If you wander to the book store and pop open a self-help book, you’ll probably make it a few pages before you stumble on the following advice:
Indeed, the idea of ‘self acceptance’ is one of the most cliched little nuggets of wisdom we dole out to each other. You hear many different versions of it:
“Be proud who you are!”
“You are good enough!”, etc.
While these ideas can certainly be helpful, they may come across as patronizing when a person is seriously struggling.
After all, how are you supposed to ‘accept yourself’ when you’ve been unemployed for eight months? How can you be ‘good enough’ when you’ve sabotaged every relationship you’ve ever had?
From personal experience, one needs a more rational foundation for the concept of ‘self-acceptance’ for it to truly be helpful during life’s rocks and crags.
In this article, my goal is to establish such a foundation, explaining how ‘self-acceptance’ is not some rosy ideal — but instead, a valid recognition of ‘things’ as they actually exist.
What is a ‘thing?’
In order to accept one’s self, one must first understand what it means to exist as a self.
Obviously, this is a weighty topic. Yet with the help of a few thought exercises, I think the general idea can be distilled without too much headache.
To start, let’s think about what it means for a ‘thing’ to exist.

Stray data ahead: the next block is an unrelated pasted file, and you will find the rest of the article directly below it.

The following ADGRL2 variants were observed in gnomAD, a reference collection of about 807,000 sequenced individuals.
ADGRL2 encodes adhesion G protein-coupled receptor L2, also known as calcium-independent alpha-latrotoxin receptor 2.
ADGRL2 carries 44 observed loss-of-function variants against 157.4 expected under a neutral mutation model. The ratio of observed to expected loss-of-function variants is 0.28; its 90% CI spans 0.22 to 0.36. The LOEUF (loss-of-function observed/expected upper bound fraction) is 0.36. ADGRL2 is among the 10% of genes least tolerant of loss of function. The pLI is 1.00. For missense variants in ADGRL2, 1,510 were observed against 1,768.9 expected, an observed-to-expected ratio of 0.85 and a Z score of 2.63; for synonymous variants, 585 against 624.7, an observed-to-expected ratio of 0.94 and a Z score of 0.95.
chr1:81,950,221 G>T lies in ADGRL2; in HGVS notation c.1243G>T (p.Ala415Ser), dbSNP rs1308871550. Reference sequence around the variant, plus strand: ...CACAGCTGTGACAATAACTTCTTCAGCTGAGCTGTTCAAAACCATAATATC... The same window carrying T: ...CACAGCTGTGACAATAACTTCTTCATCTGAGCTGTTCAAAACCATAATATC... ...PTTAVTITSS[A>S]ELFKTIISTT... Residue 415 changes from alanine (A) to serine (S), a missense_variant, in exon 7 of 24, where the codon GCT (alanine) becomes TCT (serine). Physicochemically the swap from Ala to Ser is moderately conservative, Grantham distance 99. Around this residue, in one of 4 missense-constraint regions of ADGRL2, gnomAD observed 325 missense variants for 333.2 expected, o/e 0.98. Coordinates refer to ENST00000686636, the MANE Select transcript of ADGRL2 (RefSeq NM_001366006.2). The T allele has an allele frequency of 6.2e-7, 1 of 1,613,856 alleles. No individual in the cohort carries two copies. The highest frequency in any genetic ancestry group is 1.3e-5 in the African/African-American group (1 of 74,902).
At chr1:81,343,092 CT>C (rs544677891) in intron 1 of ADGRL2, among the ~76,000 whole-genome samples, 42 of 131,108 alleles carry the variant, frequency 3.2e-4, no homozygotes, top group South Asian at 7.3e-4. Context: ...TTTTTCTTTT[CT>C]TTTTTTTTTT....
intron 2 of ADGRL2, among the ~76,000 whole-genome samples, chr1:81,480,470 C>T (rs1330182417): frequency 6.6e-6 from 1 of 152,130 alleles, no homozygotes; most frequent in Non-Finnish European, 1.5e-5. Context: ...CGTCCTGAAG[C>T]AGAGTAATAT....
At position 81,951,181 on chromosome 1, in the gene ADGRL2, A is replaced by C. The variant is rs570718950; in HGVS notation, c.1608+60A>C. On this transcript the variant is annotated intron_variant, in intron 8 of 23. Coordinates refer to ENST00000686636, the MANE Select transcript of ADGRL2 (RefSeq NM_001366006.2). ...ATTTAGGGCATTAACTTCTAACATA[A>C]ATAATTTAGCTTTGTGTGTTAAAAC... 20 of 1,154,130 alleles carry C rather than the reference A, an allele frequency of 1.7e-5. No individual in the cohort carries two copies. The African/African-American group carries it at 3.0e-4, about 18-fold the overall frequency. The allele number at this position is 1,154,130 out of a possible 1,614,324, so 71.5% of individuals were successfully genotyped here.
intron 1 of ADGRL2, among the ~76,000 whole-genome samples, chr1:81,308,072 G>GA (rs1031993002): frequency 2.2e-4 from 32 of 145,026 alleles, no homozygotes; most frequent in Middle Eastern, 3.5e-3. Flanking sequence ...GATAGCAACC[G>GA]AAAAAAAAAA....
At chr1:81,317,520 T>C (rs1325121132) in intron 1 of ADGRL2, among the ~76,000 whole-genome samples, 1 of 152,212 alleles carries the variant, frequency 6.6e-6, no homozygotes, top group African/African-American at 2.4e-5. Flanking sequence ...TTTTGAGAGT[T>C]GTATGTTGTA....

This seems like a pretty straight-forward question, right? ‘Things’ are simply objects that occupy a different time and space.
Yet upon inspection, it’s pretty difficult to determine where one thing ends and another begins.
To understand this concept, consider how we use the verb ‘is.’
When we say something ‘is,’ we affirm the existence of a ‘thing’ right?
Yet no ‘thing’ simply ‘is’ by itself.
For example, you can’t just say ‘the dog is’ and expect to be understood. Instead, the dog must be connected with another ‘thing’ — e.g., the ‘dog’ is an ‘animal’ — before meaning is generated.
Thus, what we understand to be ‘things’ actually refers to a three-part process — i.e., a movement between two seemingly-different ‘things.’
This movement-from-thing-to-thing applies to everything we experience — including ourselves!